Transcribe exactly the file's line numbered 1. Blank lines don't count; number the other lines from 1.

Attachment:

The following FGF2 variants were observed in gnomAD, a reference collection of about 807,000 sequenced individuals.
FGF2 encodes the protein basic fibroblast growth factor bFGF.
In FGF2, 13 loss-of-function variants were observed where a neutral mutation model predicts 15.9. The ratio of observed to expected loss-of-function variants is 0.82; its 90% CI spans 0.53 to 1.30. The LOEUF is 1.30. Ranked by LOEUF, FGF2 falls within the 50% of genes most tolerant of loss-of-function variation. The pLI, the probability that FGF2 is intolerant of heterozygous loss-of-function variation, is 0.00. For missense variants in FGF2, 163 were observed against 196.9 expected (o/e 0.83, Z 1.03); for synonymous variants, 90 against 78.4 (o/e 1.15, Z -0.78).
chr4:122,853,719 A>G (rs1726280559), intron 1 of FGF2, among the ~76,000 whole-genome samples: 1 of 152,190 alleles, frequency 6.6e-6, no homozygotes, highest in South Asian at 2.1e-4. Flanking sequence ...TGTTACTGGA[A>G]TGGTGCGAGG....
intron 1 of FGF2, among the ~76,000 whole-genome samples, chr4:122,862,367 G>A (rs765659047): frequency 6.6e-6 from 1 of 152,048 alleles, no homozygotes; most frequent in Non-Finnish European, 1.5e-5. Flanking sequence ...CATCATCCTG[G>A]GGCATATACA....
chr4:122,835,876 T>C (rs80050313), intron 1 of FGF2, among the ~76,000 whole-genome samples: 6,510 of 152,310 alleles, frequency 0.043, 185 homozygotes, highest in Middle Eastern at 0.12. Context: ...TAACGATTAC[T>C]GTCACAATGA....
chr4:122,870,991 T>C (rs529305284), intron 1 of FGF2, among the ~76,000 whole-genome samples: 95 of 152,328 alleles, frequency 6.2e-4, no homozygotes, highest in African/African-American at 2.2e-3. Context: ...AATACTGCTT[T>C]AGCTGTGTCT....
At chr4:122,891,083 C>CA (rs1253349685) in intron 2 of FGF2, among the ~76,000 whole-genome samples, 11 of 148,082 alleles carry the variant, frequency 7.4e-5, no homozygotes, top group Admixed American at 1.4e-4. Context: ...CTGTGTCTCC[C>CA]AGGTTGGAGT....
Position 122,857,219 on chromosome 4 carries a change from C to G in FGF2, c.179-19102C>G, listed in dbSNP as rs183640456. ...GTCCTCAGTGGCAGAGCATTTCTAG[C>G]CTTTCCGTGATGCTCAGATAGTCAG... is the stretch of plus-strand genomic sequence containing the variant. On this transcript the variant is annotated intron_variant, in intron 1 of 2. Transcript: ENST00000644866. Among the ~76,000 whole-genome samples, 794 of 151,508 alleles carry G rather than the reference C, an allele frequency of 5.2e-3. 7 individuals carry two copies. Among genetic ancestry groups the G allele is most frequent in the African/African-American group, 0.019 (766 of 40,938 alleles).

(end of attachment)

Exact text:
The following FGF2 variants were observed in gnomAD, a reference collection of about 807,000 sequenced individuals.